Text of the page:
Frequent Antibiotics May Make Children Fatter

News Brief by Isabel Smokelin

         Tara Parker-Pope’s article, “Frequent Antibiotics May Make Children Fatter”, describes the current scientific issues surrounding childhood weight gain and antibiotic use. In the past, most research on child antibiotic use was based on anecdotal evidence from concerned parents. However, a recent study published in the International Journal of Obesity uses evidence from electronic medical records to analyze the positive correlation between childhood bodyweight and antibiotic use. On average, by age 15, children who frequently took antibiotics weighed three pounds more than those who did not. This may be because antibiotics kill many types of bacteria in the human body, not just the targeted pathogens. Healthy bacteria found in the human gut is destroyed, significantly altering metabolism and affecting the way nutrients are extracted from food. Additionally, a Danish study done this past summer revealed that during pregnancy, a mother’s antibiotic use can lead to obesity in her child. These studies may provide a new direction for antibiotic use in the medical community. Traditionally, people have worried about the overuse of antibiotics leading to strains of antibiotic-resistance bacteria. A concerned parent is prone to request treatment even if there is a slight chance of disease. The new discoveries of the relationship between antibiotic use and childhood obesity may dissuade parents from requesting unnecessary antibiotics for their children.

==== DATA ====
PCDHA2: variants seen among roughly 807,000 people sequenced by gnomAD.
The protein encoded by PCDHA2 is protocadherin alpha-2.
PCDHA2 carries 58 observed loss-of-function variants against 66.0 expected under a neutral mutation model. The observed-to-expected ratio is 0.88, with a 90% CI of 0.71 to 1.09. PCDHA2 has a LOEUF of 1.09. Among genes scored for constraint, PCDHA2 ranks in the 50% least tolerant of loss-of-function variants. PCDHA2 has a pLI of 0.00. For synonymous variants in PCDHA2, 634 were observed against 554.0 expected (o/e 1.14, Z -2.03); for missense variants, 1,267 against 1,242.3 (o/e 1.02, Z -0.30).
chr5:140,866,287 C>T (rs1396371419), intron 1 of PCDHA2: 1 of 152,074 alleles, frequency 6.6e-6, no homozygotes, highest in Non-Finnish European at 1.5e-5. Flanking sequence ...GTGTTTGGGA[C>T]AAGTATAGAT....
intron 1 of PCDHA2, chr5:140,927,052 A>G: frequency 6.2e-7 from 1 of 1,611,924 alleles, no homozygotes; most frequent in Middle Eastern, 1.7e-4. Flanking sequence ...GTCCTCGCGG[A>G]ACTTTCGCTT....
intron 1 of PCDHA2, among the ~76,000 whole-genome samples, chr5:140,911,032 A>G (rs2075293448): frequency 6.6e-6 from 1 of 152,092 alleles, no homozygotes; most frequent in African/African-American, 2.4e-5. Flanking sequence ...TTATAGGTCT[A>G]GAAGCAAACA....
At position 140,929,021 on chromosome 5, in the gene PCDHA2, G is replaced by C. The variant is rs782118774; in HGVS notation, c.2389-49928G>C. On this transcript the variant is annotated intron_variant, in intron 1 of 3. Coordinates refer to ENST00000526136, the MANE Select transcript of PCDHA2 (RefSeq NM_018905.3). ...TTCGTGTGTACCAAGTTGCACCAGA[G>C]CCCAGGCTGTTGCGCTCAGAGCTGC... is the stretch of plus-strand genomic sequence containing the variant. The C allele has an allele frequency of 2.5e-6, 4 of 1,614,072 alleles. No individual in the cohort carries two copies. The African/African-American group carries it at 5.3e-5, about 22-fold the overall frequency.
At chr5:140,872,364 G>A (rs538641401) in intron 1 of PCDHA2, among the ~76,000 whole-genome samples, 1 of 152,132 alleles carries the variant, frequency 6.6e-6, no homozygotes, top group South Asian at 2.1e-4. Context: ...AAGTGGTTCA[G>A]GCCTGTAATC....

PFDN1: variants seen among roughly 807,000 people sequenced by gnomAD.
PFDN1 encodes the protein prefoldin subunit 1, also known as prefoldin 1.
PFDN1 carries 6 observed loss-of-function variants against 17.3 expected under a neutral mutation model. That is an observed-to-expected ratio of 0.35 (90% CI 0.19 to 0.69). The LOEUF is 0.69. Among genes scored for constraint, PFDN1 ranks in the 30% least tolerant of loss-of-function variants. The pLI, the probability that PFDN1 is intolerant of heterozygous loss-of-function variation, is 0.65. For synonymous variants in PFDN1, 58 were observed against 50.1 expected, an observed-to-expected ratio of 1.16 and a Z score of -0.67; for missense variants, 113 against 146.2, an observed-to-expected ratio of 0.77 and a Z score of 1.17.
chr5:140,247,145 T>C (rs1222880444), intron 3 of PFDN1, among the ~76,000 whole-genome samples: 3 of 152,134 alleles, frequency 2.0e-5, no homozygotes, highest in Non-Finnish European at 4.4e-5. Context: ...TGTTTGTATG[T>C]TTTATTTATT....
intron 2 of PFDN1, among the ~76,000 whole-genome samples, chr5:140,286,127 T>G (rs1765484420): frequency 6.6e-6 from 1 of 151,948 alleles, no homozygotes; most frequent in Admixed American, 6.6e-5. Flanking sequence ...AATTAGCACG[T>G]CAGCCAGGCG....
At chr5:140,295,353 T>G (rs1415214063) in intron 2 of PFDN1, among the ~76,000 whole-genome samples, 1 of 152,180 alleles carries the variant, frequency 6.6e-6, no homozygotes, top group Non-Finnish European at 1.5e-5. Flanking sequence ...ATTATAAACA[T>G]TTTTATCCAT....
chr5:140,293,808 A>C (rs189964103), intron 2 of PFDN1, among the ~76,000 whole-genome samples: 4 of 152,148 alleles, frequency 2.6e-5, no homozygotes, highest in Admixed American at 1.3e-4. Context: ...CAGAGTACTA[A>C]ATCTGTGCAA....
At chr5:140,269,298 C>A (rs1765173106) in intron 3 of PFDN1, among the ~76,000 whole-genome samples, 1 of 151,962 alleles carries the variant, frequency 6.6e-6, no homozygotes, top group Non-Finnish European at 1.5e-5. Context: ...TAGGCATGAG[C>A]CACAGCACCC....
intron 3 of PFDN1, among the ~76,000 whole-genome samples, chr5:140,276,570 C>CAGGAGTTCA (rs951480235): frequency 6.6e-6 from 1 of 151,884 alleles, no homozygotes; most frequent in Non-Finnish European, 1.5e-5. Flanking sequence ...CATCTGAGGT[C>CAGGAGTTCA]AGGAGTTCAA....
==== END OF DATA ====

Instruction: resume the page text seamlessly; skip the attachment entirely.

Parker-Pope, T. (2015, October 21). Frequent Antibiotics May Make Children Fatter. The New York Times. Retrieved November 2, 2015 from